Now I am really interested in understanding what the model “learnt” and why certain images from the test set got mis-classified… I’ve been guessing myself crazy! But I need to better understand what I did so far before I try anything else.
The entire notebook is available here.
Give the app a go here!
Please please provide feedback/answers/questions… all of this is so new that it’ll be good to get validation on the approach and results. Thank you!
After lesson 4, I tried to combine tabular data with NLP, particularly in spanish.
I took a tabular dataset from an e-commerce marketplace with the objective of predicting products’ condition (new or used) based on listings’ features. It includes 100k records and after some data pre-processing (not included in the attached notebooks), I ended up with 30 features, including: 17 categorical, 12 continuous and 1 text field (listing’s title).
The process included:
Creating a tabular model without the text feature (accuracy: 91.5%).
Creating an NLP model to predict from the listing title:
2.2. Training a language model in spanish from scratch: I used a Wiki corpus trimmed to around 130 million tokens (training for 6 epochs tooks 10 hours on a GTX 1080TI, reaching an accuracy of 30.5%).
2.3. Appling ULMFiT: First training a domain language model (accuracy: 34.3%) and then classifier itself (accuracy: 81.5%). Then, the classifier was used to predict on the entire data set (probability of the product being new given the title).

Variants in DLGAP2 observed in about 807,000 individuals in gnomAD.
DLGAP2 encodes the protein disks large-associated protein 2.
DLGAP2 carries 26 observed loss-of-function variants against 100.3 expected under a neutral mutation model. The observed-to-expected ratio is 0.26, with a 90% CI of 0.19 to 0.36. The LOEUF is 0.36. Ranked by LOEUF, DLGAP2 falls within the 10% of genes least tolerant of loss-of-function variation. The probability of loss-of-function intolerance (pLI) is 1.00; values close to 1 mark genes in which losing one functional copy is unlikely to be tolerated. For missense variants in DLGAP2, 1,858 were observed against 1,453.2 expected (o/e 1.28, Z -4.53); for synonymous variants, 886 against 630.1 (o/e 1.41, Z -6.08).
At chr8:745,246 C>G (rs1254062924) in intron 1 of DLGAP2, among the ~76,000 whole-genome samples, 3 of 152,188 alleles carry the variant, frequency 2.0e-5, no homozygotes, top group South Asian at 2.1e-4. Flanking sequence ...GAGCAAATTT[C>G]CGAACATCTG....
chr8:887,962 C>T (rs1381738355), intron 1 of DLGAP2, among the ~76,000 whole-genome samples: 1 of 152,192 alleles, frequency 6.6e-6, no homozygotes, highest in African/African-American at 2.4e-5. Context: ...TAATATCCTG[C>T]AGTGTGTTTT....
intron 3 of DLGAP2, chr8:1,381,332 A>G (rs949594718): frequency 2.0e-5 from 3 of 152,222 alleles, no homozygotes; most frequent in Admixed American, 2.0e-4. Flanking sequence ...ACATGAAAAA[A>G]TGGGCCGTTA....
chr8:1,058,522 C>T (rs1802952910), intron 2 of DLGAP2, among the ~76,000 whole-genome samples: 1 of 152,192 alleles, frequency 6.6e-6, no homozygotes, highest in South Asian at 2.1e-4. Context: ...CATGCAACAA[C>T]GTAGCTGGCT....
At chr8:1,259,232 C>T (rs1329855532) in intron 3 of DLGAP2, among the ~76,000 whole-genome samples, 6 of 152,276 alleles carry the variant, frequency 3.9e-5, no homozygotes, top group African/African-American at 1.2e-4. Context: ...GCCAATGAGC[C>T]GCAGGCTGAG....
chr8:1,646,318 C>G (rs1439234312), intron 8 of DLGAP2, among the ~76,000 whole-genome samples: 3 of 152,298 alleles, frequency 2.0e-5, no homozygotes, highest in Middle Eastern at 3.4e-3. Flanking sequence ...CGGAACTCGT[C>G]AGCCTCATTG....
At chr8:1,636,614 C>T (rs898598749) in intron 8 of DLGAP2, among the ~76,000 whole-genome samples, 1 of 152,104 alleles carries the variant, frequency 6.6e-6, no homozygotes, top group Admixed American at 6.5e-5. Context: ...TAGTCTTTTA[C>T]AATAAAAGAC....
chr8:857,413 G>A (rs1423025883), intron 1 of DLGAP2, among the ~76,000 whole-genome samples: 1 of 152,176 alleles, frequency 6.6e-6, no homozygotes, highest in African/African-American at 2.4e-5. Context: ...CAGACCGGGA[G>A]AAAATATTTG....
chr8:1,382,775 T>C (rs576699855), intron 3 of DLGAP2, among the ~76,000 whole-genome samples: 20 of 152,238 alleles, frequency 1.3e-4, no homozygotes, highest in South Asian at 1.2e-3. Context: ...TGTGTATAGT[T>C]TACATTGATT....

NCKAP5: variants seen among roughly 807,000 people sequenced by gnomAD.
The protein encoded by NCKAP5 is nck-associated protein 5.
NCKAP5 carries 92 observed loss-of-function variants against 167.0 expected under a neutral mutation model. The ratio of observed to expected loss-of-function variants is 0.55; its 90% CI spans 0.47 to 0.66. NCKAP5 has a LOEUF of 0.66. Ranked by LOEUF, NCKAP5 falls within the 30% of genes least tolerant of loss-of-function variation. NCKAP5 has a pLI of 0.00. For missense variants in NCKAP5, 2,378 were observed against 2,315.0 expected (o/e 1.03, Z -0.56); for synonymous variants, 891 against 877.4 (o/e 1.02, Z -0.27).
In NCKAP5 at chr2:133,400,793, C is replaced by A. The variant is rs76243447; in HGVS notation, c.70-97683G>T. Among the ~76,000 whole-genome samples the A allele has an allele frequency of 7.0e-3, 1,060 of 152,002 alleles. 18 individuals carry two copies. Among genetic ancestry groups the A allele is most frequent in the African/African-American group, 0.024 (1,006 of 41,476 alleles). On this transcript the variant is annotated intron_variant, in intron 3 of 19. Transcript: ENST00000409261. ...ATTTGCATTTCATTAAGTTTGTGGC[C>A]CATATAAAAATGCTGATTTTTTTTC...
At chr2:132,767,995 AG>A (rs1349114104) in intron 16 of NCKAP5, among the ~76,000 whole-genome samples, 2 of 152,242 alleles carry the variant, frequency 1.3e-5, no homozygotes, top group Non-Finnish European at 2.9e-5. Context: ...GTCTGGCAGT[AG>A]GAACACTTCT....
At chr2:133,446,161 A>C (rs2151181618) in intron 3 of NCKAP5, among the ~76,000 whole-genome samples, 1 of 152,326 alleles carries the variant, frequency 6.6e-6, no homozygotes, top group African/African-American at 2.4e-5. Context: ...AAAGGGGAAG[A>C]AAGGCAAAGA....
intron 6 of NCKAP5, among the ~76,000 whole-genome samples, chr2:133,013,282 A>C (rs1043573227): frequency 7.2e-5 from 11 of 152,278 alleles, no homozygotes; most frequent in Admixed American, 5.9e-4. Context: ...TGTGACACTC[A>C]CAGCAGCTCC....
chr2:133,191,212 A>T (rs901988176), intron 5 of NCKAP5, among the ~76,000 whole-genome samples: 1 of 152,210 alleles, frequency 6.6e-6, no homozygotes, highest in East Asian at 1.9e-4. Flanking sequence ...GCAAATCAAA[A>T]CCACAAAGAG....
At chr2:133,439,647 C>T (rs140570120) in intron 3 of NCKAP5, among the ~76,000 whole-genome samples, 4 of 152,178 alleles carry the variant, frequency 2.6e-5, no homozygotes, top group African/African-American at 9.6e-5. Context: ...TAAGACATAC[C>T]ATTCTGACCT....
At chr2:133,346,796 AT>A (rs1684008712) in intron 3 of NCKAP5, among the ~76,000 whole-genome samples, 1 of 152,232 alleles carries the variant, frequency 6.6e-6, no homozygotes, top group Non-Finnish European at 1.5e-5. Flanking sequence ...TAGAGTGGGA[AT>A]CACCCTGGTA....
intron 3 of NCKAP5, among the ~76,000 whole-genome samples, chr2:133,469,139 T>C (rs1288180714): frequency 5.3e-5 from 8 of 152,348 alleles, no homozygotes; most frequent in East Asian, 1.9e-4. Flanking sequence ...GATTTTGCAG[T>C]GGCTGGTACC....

Creating a new tabular model, this time adding as a new feature the prediction coming from the NLP model (final accuracy: 92.4%).
I tried also extracting the last linear layer’s activations (50) from the NLP model and feeding them in the tabular model, but it didn’t improve accuracy. Something that I didn’t reach to try was removing the output layer of both models, concatenating the outputs and feed it in a linear model (unlike my simpler model, this would backprop to both models).
In this case, the effort of training the NLP model (particularly the spanish model from scratch) just improved something below 1%. However, it was nice learning exercise and now I have a spanish pre-trained model, that hopefully will be useful for others projects thanks to ULMFiT.
I finally wrote up my blog post about creating the guitar classification model. In the previous days I decided to redo the exercise and incorporate the new data block API, progressive resizing and other goodies of fastai v1.
Please let me know if my description of the one-cycle-routine, progressive resizing, etc. is off.
I think the results came our real nice and I’m still amazed how good progressive resizing works!